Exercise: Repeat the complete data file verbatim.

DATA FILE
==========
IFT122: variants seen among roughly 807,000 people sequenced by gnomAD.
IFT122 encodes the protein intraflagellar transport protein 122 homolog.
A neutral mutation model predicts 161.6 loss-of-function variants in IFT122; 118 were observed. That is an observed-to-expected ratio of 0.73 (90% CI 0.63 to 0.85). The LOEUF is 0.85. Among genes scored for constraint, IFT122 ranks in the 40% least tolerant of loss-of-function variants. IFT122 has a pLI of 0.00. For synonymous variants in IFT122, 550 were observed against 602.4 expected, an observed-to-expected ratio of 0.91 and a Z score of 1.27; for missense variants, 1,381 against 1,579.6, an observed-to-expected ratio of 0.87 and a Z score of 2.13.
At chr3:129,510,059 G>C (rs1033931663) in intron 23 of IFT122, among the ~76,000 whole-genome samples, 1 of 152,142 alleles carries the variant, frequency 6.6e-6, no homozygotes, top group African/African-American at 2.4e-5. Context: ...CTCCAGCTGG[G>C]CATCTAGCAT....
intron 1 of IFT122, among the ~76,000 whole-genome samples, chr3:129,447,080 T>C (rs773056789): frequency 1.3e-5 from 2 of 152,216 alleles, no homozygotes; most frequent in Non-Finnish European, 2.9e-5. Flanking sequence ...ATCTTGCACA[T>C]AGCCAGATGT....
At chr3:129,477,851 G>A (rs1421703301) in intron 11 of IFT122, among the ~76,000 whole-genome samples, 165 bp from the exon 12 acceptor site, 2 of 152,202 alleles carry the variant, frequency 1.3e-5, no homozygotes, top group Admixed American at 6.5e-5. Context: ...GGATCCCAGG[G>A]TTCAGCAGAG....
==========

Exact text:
IFT122: variants seen among roughly 807,000 people sequenced by gnomAD.
IFT122 encodes the protein intraflagellar transport protein 122 homolog.
A neutral mutation model predicts 161.6 loss-of-function variants in IFT122; 118 were observed. That is an observed-to-expected ratio of 0.73 (90% CI 0.63 to 0.85). The LOEUF is 0.85. Among genes scored for constraint, IFT122 ranks in the 40% least tolerant of loss-of-function variants. IFT122 has a pLI of 0.00. For synonymous variants in IFT122, 550 were observed against 602.4 expected, an observed-to-expected ratio of 0.91 and a Z score of 1.27; for missense variants, 1,381 against 1,579.6, an observed-to-expected ratio of 0.87 and a Z score of 2.13.
At chr3:129,510,059 G>C (rs1033931663) in intron 23 of IFT122, among the ~76,000 whole-genome samples, 1 of 152,142 alleles carries the variant, frequency 6.6e-6, no homozygotes, top group African/African-American at 2.4e-5. Context: ...CTCCAGCTGG[G>C]CATCTAGCAT....
intron 1 of IFT122, among the ~76,000 whole-genome samples, chr3:129,447,080 T>C (rs773056789): frequency 1.3e-5 from 2 of 152,216 alleles, no homozygotes; most frequent in Non-Finnish European, 2.9e-5. Flanking sequence ...ATCTTGCACA[T>C]AGCCAGATGT....
At chr3:129,477,851 G>A (rs1421703301) in intron 11 of IFT122, among the ~76,000 whole-genome samples, 165 bp from the exon 12 acceptor site, 2 of 152,202 alleles carry the variant, frequency 1.3e-5, no homozygotes, top group Admixed American at 6.5e-5. Context: ...GGATCCCAGG[G>A]TTCAGCAGAG....